Dos-a-dos binding by Joe Landry
Dos-A-Dos binding by Joe Landry
One book's cover was made from apple twigs which are woven together using paper-covered wire. This book was made by the artist as part of a series of artist's books featuring related materials. One visitor commented, "probably the most inventive in terms of materials."
Apple twig binding by Charles Salmon
Cover as Metaphor, artist's book by Charles Salmon
The cover of another book - Interspace by Emily Doucette, "resembles an envelope." When opened, its accordion pages cascade "into a variety of different scanned envelopes." Ribbons are used to tie this case bound accordion binding shut.
Interspace by Emily Doucette
Interspace, artist's book by Emily Doucette
Popular with visitors was Odyssean Press' A Family History as seen through Tattoo Traditions. Bound within this artist's book were two miniature accordion books that spoke to the different tattoo traditions of the creator's ancestors. One book was dedicated to their mother's ancestors and the other to their father's ancestors, and both incorporated watercolour and ink drawings.
A Family History as seen through Tattoo Traditions by Odyssean Press
A Family History as seen through Tattoo Traditions, artist's book by Odyssean Press
Other miniature books included a book bound in a box by Morgan Cruickshank that was inspired by a larger version seen at the Dawson Print Shop, which in turn was inspired by the structure of the Kennicott Bible. A miniature accordion book with striking precision, created by Sush, was among many miniatures on display that they created at the Dawson using scraps.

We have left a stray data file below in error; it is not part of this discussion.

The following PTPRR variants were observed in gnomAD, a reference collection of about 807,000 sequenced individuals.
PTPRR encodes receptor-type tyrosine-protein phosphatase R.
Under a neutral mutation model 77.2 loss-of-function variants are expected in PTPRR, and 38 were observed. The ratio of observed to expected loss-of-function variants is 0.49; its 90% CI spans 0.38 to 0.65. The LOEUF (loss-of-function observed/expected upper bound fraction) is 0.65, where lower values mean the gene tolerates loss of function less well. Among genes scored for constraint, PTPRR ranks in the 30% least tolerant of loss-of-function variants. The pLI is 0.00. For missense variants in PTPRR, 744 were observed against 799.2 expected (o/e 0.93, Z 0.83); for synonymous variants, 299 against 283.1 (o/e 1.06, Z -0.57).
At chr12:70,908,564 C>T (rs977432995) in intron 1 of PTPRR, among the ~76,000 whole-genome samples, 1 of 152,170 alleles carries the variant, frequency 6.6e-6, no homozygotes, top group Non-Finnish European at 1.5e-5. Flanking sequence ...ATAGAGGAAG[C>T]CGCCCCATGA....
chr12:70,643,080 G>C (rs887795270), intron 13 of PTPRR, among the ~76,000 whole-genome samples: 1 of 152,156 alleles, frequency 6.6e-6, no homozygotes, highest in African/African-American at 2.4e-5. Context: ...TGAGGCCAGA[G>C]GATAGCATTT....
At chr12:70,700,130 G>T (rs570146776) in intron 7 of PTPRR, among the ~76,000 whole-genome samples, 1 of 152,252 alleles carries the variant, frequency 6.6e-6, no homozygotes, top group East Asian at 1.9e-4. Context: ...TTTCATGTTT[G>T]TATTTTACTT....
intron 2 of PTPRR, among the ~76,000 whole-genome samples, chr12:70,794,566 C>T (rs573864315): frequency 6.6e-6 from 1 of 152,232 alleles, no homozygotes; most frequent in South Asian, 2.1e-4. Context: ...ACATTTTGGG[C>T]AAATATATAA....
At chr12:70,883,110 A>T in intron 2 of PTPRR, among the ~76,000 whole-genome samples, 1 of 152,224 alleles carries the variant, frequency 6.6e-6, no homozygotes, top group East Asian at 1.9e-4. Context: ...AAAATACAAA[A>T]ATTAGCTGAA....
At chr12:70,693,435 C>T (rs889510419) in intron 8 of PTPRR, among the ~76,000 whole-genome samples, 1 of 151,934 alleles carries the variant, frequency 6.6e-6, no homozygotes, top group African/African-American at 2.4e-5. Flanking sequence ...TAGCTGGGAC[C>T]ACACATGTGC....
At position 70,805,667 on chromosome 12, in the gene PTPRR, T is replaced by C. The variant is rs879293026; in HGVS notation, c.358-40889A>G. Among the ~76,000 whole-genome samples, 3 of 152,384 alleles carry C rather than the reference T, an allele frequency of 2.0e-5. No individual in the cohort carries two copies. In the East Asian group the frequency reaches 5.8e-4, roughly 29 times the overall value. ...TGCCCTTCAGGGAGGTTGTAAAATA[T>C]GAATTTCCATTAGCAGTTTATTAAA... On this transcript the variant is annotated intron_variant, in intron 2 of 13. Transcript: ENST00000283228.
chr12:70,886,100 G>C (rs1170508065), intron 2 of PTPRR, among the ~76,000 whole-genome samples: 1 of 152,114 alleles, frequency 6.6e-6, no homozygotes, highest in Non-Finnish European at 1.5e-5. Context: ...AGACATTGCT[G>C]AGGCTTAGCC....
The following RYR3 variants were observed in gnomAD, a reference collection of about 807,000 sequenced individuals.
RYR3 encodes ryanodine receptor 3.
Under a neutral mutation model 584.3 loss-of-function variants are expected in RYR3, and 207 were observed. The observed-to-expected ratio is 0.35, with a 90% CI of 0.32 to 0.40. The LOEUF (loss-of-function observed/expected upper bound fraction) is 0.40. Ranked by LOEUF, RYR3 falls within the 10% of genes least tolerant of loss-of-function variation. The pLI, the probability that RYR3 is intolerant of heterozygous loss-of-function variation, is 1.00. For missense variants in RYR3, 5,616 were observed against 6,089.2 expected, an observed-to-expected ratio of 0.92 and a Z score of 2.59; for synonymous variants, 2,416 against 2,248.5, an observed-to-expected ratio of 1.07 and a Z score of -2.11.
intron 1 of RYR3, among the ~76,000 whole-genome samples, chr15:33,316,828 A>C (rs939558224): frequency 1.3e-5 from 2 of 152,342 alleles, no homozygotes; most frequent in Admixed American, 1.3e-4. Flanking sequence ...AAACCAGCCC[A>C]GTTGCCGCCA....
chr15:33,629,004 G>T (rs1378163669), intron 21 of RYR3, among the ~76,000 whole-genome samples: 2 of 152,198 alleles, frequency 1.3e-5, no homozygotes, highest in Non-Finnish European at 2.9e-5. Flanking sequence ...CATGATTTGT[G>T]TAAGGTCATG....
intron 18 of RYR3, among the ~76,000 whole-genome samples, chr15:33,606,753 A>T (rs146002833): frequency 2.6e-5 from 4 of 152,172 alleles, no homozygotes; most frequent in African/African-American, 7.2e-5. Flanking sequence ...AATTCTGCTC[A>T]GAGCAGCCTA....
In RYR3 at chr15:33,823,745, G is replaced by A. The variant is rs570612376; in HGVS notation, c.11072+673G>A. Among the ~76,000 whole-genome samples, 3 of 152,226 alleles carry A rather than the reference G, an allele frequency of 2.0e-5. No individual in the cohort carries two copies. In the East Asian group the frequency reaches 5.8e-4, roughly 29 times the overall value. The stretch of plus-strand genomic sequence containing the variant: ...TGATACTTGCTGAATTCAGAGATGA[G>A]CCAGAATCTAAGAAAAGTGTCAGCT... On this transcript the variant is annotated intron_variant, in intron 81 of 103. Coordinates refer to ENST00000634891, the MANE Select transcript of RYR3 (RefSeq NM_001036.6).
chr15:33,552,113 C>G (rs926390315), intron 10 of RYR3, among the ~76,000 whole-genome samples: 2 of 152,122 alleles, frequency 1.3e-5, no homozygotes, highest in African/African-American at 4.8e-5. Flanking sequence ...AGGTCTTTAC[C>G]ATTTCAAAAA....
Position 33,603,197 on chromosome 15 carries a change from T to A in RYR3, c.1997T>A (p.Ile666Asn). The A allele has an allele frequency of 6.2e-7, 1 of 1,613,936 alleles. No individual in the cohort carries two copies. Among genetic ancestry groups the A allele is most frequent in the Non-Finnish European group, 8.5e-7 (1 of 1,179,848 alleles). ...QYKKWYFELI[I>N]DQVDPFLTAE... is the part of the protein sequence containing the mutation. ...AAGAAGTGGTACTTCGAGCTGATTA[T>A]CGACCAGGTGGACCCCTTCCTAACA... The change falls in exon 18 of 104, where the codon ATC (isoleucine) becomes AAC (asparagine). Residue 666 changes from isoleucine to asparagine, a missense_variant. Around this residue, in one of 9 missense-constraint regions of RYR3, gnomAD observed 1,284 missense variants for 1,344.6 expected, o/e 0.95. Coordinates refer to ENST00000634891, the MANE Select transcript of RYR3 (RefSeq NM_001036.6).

Benjamin by Morgan Cruickshank       
by Morgan Cruickshank
scrap yard by Sush
scrap yard, a collection of miniature books by Sush
While some works were protected under Lucite, the majority weren't and allowed for gentle hand-held examination by visitors.

Deirdre Sokolowska's creation, William & I features a series of colour photos of the creator holding a dead bird which they found. Deirdre offers, "accompanying this visual narrative is a short story recounting a childhood misunderstanding related to Resurrection Sunday." Within Sokolowska's hardcover pamphlet, kozuke paper is used to hold each photo in place. The concept of finding a dead bird as a basis for a book is reminiscent of Margaret Wise Brown's children's book The Dead Bird.

The charcoal, graphite and ink drawings in Em Tremblay's journal is "an exploration of some of the darker parts of their mental health journey." The brown kraft-like pages are bound with a traditional Japanese stab binding.
Willian and I by Deirdre Sokolowska
William & I
by Deirdre Sokolowska

Handbound journal by Em Tremblay
Handbound journal
by Em Tremblay

The skill demonstrated in Joe Landry's full leather design binding was impressive. The cover featured abstract shapes of black, white and red leather onlays and inside featured ultra smooth black leather "doublure" - "an ornamental lining on the inside of the book." This book was Joe's final project for his design class at London College of Printing.